NAWAIWAQT GROUP
 
 
 
Monkey business
 
February 23, 2012
 
 




The other day, I attended a birthday party in the extended family, complete with hi-tea, a magic show and a performing monkey. The ‘hero’ of this last item looked more like some alien creature from a Star Wars movie and less like a member of the ape family. Its head was shorn into a pattern that reminded one of a character out of an A Team episode and what hair was left had been dyed black. The nails were painted a deep brown and the stubby tail had been trimmed like a garden ‘topiary’. As I watched the act, I was transported back to another time and another place, many years ago.
Mohammad Nazir always announced his arrival by beating a nifty tattoo on his dugduggi, as he entered our gate. A middle-aged man with uncanny wit and no schooling, his sparse figure would soon loom into view, past the curve in the drive, with an improvised cloth bundle hanging from a shoulder. One hand clutched a dugduggi, while the other held a stick and two leashes, the other end of which trailed a pair of monkeys.
Bagaroo and his mate Mung Phali were stars down to the last hair on their tails. This pair of Rhesus monkeys had roguishly comic faces that were not disfigured like the beast in the birthday party. The high point of their show was, when Mr Bagaroo returns from London dressed in a hat and dark glasses. He then proceeds to impress Mung Phali with his ‘Gora Gentleman’ act. The entire family, including my grandfather, would burst out laughing, as the sahib went for his ‘Charlie Chaplin’ style morning walk with hands clasped behind his back or when he sat down with a philosophical expression, to have his afternoon tea with one leg draped over the other. It was often that we would ask for an encore, to Nazir’s great delight, as this meant a bonus added to the generous remuneration for the entire performance.
Life in a college hostel is never dull, but if you add a monkey to the scene, it tends to become a never-ending source of mirth. The little rascal in our story belonged to a young man studying medicine and living in the hostel of his well reputed alma mater. Notwithstanding the fact that getting a medical degree involved long hours of study, preparation and preoccupation, this young genius had trained his monkey to perform two tasks - switch off electrical power from the main panel on the ground floor and ‘commandeer’ delicacies that some hostel residents kept in their rooms. Frequent and mysterious power shutdowns and disappearance of eatables from rooms, even when residents were present, caused a rumour to be generated that the premises was haunted. The innovative owner of the ‘ghost’ is now a very successful surgeon somewhere in the United States.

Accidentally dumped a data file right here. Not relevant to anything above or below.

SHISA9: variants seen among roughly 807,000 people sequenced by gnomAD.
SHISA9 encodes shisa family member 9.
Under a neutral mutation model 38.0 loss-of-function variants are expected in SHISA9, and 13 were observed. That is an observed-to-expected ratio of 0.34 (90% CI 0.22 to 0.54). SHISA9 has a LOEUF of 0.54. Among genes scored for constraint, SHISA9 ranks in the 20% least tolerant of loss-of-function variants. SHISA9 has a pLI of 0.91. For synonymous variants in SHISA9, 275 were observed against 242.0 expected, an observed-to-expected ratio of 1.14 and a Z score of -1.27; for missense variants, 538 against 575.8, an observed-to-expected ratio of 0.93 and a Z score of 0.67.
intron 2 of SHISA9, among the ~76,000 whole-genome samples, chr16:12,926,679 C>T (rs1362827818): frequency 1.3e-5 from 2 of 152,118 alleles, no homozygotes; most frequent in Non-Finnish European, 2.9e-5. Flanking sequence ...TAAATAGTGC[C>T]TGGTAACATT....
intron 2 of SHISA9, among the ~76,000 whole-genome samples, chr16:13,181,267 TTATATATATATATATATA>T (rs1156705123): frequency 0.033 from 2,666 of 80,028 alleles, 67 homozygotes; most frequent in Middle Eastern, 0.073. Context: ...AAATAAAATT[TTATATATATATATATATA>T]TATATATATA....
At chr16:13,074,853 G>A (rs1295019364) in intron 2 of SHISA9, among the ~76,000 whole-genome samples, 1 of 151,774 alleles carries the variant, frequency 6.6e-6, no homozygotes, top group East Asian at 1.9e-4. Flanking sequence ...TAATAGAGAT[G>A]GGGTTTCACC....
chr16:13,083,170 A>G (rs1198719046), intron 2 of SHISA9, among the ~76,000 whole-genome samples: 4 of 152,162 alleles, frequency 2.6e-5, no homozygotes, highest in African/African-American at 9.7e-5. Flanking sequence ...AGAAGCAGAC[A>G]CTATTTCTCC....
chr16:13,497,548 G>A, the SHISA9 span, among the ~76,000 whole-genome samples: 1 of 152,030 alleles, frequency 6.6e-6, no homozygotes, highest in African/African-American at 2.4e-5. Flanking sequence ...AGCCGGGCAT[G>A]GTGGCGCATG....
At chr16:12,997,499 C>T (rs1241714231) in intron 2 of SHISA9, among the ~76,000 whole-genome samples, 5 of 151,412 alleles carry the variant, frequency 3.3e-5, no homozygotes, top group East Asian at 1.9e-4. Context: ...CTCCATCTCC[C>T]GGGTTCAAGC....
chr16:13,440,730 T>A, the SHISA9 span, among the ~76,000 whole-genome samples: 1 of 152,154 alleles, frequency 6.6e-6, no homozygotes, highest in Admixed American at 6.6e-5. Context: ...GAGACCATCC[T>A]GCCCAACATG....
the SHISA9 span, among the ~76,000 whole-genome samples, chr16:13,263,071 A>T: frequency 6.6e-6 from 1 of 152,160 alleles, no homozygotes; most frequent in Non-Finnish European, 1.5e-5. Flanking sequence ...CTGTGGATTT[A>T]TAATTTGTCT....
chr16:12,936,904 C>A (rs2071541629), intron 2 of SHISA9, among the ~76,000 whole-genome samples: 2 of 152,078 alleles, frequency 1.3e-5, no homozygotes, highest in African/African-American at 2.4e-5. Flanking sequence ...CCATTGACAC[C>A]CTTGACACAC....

My mother often narrated the tale of a troop of monkeys that made life miserable for the residents of Dharamsala, a hill station in the Himalayan region of Kangra. None could venture outside their bungalows with these rascally creatures in the vicinity, as they would come swooping down from the trees to grab caps, turbans or food items from unsuspecting passersby. The situation took a serious turn when some young children were attacked and bitten by these beasts. The whole affair ended when, the Army Gurkha Unit stationed in the nearby cantonment was tasked to shoot down the offenders.
As one drives from Sunny Bank in the Murree Hills towards Jhika Gali, one passes Kuldanna and its well known army training establishment. It is said that a British officer once lived here along with his pet monkey in the days before independence. For whatever reason, this officer committed suicide by shooting himself and was buried in the local cemetery. For days after the tragic incident, the monkey was seen waiting outside his master’s bungalow, until one day he was found dead at his post - loyal to his friend till the very end. A few days later, residents walking on the road past the bungalow became concerned when they found their road blocked by an extraordinarily large monkey that threatened to attack them. Locals insist that the threatening phenomenon still continues, but I am not sure whether it is an aggressive troop leader defending his territory or if it is the restless spirit of the dead monkey still waiting for his master to return.
The writer belongs to a very old and established family of the Walled City. His forte is the study of History. 

 
 
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